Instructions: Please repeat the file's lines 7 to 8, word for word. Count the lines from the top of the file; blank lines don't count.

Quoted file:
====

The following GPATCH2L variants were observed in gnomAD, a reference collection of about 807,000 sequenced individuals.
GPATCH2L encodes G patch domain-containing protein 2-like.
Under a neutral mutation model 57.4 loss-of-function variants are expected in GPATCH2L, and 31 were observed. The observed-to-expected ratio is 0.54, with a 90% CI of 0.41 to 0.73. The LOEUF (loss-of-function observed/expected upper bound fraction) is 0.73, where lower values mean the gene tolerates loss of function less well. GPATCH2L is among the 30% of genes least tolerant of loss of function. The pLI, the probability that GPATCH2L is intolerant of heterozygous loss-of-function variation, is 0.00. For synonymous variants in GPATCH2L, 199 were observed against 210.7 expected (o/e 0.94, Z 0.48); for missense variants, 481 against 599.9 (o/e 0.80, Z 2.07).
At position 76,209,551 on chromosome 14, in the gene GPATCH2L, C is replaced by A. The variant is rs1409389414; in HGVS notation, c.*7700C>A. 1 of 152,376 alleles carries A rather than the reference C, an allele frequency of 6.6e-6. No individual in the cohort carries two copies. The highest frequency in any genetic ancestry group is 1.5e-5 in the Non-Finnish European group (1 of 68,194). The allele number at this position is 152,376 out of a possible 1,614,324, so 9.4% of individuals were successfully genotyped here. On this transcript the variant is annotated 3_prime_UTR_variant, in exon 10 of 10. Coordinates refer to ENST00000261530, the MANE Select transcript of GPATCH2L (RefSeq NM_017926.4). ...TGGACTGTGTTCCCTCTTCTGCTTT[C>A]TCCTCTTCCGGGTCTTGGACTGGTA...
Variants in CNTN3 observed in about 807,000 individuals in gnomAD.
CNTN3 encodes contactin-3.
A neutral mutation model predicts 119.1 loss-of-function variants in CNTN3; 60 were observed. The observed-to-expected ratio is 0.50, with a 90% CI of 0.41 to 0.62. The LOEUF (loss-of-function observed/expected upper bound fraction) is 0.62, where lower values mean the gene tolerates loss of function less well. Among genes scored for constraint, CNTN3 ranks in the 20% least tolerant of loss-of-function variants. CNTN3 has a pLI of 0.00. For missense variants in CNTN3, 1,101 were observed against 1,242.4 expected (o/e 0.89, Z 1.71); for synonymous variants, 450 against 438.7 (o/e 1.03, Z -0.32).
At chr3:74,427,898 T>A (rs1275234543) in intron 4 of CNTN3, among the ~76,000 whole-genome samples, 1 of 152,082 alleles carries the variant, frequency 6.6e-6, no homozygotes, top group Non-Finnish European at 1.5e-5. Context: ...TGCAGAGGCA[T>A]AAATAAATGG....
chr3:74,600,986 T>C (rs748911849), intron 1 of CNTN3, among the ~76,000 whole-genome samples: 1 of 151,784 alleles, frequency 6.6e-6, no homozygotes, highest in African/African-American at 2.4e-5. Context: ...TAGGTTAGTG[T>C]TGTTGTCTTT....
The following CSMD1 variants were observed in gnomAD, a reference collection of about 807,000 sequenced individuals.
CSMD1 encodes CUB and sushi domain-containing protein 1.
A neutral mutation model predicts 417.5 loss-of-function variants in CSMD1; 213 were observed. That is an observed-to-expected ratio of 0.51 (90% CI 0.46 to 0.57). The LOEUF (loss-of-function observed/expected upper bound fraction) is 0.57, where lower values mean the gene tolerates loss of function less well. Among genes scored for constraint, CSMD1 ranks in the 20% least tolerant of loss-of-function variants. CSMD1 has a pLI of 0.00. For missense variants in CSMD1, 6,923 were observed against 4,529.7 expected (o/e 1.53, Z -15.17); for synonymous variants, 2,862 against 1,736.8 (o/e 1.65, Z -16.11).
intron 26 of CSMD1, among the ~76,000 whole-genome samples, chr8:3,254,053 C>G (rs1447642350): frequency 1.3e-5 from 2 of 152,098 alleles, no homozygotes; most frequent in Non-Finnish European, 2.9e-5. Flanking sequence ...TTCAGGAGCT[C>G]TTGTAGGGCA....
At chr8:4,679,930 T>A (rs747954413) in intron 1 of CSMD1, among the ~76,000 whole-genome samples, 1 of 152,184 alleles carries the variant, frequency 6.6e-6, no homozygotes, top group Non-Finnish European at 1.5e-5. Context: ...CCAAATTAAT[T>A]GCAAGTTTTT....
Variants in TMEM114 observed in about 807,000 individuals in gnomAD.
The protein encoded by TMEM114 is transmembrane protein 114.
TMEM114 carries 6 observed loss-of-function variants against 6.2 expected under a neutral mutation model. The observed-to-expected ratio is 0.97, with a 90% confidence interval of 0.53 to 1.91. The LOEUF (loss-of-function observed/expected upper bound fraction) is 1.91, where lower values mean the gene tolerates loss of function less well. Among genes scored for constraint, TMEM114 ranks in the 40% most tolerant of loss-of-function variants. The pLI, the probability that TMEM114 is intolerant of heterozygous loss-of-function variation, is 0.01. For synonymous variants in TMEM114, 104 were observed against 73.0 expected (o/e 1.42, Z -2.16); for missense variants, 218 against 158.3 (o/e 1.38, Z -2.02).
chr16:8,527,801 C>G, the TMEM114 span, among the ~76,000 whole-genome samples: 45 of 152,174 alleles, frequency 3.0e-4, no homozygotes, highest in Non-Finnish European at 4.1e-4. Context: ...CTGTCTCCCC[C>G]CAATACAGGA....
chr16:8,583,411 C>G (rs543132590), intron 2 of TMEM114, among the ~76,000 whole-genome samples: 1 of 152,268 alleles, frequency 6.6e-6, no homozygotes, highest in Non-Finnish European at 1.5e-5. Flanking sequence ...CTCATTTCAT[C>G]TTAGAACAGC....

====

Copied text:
A neutral mutation model predicts 119.1 loss-of-function variants in CNTN3; 60 were observed. The observed-to-expected ratio is 0.50, with a 90% CI of 0.41 to 0.62. The LOEUF (loss-of-function observed/expected upper bound fraction) is 0.62, where lower values mean the gene tolerates loss of function less well. Among genes scored for constraint, CNTN3 ranks in the 20% least tolerant of loss-of-function variants. CNTN3 has a pLI of 0.00. For missense variants in CNTN3, 1,101 were observed against 1,242.4 expected (o/e 0.89, Z 1.71); for synonymous variants, 450 against 438.7 (o/e 1.03, Z -0.32).
At chr3:74,427,898 T>A (rs1275234543) in intron 4 of CNTN3, among the ~76,000 whole-genome samples, 1 of 152,082 alleles carries the variant, frequency 6.6e-6, no homozygotes, top group Non-Finnish European at 1.5e-5. Context: ...TGCAGAGGCA[T>A]AAATAAATGG....